so, we'll try this for ease of communication.
It's actually been really fascinating to watch my emotional state. I found out on Thursday that I might have leukemia, found out on Friday that I do have leukemia and started chemo on Sunday (today, day 1). Prior to starting chemo, I was in denial. I did not have leukemia and Dr Hill would come in any minute and say, "you're right; it's a med reaction and a lab error and we've fired that tech and you can just go home now. sorry you cut your hair and, here, let me take that PICC out." I thought when the nurse gave me chemo and I really couldn't use that denial any more that it would be a terrible moment for me, but it turned out to be ok.
My friends Eva and John came over and since they didn't know "my story" I told it to them. Awhile into it, the nurse came in to give chemo and I made a joke about her not having to give it, but by then I had gone through enough of my life story with John and Eva to really feel like I could do this; I had actually already done a lot of hard things and come out on the other end OK so really, this was just another thing. A nuisance and a big thing, but it was really doable. Look at all the other stuff I had done. Go, do.
After John and Eva left, I talked briefly with Terry and got ready for bed. Then my phone rang and it was Terry Bogs (brother number 2 for those of you not acquainted with the clan--same name as my husband for maximum confusion). I was so happy he called.
Went to bed and I may have napped briefly, but then woke up thinking to myself as I heard my chemo pump whirring softly. "o, my wonderful chemo, thank you. here's a little bit of love to ride in on every drop." Then I woke up fully and said, wow! is that 180 or what!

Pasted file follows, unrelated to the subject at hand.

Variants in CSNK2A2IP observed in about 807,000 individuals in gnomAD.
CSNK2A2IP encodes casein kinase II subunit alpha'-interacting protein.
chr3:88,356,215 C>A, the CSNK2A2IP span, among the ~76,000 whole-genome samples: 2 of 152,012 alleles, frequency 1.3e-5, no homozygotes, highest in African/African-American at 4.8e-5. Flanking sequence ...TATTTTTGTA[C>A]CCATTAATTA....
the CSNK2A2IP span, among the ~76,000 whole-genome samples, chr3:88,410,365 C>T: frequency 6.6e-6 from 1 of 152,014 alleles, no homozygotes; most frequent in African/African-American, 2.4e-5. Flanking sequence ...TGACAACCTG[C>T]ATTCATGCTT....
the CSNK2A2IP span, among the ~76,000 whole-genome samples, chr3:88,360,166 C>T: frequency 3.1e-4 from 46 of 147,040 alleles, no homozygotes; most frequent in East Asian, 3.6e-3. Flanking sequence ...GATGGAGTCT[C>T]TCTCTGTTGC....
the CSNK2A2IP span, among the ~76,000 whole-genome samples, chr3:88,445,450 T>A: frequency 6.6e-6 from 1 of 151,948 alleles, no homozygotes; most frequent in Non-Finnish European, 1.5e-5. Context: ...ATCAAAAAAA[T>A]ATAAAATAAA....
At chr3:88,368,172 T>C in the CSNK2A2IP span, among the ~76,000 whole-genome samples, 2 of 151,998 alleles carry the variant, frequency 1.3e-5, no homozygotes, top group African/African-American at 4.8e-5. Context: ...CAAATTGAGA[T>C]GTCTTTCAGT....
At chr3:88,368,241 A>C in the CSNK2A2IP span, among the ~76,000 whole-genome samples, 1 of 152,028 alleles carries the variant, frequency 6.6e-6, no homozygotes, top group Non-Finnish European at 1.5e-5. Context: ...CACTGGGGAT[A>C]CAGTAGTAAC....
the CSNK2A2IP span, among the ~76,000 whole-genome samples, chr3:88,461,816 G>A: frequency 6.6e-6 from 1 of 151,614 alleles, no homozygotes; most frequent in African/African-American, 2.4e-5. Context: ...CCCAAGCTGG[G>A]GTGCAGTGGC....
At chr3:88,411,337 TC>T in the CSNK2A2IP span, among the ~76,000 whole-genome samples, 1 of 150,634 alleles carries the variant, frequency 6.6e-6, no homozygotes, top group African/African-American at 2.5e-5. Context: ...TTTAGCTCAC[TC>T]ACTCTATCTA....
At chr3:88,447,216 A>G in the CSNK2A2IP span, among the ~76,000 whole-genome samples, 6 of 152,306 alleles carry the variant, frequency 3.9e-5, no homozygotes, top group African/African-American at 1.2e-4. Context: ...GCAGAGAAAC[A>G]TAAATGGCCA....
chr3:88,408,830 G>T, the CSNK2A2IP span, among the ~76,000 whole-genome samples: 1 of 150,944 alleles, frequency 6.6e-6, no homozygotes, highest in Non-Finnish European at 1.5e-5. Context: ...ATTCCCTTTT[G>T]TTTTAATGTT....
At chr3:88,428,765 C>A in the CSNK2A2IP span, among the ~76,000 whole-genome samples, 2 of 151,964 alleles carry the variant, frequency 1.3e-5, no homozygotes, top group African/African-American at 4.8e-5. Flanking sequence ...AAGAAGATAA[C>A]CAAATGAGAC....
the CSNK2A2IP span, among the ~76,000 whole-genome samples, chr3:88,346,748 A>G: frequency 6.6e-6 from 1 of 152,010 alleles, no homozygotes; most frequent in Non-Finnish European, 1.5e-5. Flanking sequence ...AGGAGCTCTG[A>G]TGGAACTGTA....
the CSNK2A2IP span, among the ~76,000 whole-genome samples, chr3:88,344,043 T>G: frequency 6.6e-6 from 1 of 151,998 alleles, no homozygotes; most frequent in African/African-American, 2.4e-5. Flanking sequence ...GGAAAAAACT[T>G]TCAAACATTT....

I felt intermittently achey from time to time and briefly like I had a little increase in temp (like 99.5 ish). It has been really pleasant not to be visited by these for a couple of days. I immediately decided that was all the leukemic cells dying and spitting out their cytokines so look, the chemo is already effective (against the leukemia that I was sure I didn't have 12 hours before--I am so wonderfully flexible mentally). That passed after about half an hour and now I feel pretty darned good again. Although the citaribine does taste very faintly of garlic and salt to me. The good thing is that makes me drink more water.
Here are my counts for today:
wbc 1.6 no circulating blasts today which I think means my most excellent native immune system has finally gotten off its butt and is spontaneously killing off the leukemia. My fellow tells me that, no, it means that I am well hydrated and they're more diluted. My BUN went from 7 to 5 so maybe, but I prefer my scenario.
hgb 9.9 (further evidence for dilution)
plt 137 (further evidence for dilution--both down a bit)
All in all, I am satisfied with these labs for a start and hopeful that tomorrow will be as good as today.